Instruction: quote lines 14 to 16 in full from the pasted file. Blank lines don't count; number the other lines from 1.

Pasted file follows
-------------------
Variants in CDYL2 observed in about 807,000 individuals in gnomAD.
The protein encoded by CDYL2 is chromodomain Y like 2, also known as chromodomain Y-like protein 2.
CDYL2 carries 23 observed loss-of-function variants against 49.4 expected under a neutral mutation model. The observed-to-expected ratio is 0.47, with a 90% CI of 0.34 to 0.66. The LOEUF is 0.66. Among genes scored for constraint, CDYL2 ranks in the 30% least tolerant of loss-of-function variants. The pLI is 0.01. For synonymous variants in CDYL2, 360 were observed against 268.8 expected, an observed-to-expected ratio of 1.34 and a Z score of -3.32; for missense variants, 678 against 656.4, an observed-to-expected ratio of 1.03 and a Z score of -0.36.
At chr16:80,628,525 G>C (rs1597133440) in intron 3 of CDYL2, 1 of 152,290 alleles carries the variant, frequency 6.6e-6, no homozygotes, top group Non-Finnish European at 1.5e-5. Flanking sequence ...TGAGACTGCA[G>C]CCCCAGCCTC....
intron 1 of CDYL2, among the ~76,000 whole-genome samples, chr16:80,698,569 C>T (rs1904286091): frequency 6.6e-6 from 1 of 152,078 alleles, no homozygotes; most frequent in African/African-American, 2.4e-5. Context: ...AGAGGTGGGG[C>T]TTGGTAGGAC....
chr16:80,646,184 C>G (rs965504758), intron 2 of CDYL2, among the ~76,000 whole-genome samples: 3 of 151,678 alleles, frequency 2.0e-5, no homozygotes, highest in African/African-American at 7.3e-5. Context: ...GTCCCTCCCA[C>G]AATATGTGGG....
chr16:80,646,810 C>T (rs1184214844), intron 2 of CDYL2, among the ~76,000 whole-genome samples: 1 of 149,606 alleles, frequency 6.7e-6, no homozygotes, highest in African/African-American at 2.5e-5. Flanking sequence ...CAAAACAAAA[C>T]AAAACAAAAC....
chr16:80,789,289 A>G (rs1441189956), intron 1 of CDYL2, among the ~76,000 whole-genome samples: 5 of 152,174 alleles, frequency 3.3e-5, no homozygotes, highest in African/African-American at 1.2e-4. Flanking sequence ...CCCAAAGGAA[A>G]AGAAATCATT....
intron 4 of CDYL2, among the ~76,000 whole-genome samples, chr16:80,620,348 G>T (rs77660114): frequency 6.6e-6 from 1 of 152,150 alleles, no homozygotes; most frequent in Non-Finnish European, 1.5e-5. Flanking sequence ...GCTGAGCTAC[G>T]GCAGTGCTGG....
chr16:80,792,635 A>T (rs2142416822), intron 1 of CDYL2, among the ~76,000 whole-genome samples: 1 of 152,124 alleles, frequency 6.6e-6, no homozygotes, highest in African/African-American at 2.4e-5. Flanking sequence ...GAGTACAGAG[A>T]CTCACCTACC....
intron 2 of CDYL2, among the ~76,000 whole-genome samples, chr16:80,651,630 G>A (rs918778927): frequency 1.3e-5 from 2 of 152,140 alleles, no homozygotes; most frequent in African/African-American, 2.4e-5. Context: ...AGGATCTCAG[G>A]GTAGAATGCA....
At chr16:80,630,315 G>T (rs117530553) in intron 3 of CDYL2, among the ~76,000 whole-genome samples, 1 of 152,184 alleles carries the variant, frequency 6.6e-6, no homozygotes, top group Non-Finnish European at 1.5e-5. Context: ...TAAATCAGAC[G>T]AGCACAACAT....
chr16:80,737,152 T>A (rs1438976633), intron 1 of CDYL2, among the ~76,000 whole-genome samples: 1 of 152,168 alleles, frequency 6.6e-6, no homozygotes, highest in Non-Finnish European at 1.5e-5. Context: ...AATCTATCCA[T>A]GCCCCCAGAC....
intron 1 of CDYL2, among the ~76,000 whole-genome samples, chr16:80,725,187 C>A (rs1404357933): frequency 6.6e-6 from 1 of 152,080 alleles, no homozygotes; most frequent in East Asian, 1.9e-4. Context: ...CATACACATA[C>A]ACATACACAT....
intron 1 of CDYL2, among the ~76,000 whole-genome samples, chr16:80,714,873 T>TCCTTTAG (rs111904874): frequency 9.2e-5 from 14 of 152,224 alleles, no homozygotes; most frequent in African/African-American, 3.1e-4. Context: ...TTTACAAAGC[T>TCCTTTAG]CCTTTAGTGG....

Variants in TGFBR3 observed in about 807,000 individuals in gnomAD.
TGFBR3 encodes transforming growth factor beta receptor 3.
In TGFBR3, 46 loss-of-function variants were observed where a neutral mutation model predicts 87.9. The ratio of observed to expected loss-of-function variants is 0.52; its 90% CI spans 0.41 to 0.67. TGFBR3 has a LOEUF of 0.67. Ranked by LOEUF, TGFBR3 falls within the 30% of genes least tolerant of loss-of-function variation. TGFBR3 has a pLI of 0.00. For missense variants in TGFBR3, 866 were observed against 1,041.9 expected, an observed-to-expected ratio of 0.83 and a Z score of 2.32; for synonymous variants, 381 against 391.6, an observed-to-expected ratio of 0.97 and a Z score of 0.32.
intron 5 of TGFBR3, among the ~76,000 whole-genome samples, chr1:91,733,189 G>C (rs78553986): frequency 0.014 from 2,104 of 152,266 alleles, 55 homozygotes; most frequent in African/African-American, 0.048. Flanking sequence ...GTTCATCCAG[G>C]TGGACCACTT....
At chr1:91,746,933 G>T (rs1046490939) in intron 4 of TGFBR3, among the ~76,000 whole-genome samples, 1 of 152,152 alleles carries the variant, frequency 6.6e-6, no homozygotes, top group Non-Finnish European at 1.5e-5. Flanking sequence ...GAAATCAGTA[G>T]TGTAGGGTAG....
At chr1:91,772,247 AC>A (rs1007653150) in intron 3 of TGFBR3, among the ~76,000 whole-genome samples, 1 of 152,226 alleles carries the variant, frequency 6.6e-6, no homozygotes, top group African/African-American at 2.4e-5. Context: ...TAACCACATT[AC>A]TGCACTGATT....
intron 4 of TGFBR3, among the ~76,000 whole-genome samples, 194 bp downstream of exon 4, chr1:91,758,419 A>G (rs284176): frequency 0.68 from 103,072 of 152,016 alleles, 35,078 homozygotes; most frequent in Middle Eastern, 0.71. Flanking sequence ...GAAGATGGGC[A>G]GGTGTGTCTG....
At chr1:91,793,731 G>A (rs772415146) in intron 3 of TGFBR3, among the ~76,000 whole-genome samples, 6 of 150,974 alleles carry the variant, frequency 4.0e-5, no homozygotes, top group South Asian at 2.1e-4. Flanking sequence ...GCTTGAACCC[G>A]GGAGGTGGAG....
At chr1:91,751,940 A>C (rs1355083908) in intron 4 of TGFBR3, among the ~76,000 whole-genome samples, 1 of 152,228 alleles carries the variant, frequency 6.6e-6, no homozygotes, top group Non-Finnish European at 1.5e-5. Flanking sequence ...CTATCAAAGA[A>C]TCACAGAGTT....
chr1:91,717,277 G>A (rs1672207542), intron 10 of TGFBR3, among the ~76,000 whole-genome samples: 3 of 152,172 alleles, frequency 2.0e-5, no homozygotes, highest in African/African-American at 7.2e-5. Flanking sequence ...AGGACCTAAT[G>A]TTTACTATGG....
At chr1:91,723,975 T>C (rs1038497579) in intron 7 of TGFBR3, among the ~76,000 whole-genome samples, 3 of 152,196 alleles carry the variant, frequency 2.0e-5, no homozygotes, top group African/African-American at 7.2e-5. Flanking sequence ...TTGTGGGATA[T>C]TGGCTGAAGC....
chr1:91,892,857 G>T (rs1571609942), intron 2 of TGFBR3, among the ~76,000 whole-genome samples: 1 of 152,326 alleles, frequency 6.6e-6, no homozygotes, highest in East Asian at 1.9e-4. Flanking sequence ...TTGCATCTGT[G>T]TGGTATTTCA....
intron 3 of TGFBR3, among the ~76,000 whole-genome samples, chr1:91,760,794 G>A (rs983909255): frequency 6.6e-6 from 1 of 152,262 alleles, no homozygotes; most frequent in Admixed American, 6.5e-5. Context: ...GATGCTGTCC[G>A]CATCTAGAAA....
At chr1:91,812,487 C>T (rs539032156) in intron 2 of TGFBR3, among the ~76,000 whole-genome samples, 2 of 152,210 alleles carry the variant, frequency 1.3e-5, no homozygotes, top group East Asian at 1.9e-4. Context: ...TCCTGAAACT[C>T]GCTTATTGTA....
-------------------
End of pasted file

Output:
intron 1 of CDYL2, among the ~76,000 whole-genome samples, chr16:80,725,187 C>A (rs1404357933): frequency 6.6e-6 from 1 of 152,080 alleles, no homozygotes; most frequent in East Asian, 1.9e-4. Context: ...CATACACATA[C>A]ACATACACAT....
intron 1 of CDYL2, among the ~76,000 whole-genome samples, chr16:80,714,873 T>TCCTTTAG (rs111904874): frequency 9.2e-5 from 14 of 152,224 alleles, no homozygotes; most frequent in African/African-American, 3.1e-4. Context: ...TTTACAAAGC[T>TCCTTTAG]CCTTTAGTGG....

Variants in TGFBR3 observed in about 807,000 individuals in gnomAD.